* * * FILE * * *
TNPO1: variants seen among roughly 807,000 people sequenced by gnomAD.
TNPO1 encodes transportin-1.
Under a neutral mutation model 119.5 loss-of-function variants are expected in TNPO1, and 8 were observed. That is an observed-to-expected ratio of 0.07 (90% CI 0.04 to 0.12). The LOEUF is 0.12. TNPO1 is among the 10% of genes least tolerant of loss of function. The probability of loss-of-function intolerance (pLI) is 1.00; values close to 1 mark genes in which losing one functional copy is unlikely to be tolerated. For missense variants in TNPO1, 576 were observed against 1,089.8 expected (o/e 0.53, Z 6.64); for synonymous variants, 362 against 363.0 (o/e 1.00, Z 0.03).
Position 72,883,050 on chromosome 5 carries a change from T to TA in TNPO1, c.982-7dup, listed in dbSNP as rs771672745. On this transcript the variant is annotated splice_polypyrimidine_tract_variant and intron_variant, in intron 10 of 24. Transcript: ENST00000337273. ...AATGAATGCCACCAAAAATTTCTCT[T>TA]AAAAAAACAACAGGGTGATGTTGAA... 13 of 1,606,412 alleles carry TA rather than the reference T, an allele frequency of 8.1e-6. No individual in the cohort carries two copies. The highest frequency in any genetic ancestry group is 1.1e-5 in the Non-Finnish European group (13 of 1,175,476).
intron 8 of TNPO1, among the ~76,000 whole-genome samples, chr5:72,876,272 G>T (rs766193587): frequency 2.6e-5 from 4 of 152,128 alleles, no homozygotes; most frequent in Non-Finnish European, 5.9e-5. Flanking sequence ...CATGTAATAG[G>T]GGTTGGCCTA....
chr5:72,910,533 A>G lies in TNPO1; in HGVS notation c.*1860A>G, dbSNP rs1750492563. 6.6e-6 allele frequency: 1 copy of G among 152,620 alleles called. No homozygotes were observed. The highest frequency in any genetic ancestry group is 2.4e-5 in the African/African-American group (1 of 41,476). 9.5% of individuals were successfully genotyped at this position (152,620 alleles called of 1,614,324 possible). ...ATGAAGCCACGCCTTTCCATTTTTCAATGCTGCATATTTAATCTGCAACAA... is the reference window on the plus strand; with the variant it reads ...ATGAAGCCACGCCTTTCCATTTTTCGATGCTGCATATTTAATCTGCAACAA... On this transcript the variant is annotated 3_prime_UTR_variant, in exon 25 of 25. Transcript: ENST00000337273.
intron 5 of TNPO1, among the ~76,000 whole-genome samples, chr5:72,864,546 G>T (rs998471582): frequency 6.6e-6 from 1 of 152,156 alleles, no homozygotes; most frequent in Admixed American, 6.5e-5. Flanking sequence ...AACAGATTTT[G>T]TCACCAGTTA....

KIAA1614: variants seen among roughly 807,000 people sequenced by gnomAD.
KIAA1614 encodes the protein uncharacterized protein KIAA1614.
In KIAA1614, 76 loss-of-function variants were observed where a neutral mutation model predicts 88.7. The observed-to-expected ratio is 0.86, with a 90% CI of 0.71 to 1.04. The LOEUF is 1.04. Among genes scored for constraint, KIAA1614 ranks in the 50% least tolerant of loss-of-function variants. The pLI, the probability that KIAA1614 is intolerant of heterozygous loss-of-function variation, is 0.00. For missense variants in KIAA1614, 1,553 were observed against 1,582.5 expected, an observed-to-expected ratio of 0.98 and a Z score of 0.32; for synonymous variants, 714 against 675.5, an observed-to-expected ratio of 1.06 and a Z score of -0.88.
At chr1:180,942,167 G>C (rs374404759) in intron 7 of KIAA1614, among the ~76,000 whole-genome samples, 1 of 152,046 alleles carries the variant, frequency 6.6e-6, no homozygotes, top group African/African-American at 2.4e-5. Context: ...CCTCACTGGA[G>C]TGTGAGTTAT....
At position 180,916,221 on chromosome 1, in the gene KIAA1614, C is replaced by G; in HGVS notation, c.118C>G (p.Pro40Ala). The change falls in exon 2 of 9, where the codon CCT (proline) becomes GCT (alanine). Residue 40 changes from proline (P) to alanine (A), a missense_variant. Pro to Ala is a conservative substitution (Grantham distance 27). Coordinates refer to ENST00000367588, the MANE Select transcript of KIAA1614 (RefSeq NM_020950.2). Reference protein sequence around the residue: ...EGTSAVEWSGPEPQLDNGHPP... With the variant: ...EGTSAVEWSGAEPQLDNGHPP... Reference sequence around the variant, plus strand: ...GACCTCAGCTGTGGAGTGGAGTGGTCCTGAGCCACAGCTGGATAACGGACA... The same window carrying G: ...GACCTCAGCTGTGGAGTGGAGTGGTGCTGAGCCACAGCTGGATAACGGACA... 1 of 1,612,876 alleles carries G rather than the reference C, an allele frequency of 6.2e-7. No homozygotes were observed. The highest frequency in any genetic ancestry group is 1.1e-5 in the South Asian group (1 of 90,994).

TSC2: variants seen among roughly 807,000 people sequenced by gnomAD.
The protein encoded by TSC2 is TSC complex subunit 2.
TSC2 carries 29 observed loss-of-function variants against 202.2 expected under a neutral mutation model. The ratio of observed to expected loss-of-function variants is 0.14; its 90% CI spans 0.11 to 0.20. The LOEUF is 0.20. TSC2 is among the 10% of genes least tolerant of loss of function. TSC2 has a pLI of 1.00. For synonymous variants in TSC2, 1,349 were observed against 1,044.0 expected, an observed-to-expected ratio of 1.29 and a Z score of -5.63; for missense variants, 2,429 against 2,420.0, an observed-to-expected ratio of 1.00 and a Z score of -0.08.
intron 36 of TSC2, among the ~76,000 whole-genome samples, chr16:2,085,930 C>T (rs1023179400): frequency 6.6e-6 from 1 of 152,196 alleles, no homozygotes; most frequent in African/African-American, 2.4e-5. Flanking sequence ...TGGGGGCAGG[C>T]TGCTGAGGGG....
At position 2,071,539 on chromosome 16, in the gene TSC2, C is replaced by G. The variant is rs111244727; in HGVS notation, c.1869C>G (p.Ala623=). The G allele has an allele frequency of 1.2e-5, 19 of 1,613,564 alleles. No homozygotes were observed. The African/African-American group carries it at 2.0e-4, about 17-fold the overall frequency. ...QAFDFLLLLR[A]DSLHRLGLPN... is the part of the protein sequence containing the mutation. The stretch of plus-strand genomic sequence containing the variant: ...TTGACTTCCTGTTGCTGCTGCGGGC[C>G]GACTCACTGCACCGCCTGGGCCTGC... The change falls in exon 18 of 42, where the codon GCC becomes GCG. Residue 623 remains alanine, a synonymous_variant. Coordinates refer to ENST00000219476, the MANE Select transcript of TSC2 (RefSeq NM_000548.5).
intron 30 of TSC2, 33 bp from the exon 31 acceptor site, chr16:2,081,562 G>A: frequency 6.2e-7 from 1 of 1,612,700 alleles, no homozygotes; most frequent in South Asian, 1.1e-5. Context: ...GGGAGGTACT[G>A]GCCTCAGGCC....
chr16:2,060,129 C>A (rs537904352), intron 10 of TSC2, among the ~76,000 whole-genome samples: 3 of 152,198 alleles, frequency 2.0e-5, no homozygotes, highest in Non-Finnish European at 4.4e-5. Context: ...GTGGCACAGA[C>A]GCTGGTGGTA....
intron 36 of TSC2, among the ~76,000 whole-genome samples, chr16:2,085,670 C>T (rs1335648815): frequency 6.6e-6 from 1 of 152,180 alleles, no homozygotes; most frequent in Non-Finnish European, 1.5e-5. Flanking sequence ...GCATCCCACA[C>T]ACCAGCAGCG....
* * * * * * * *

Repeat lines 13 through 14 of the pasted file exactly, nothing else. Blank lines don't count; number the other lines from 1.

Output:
TSC2: variants seen among roughly 807,000 people sequenced by gnomAD.
The protein encoded by TSC2 is TSC complex subunit 2.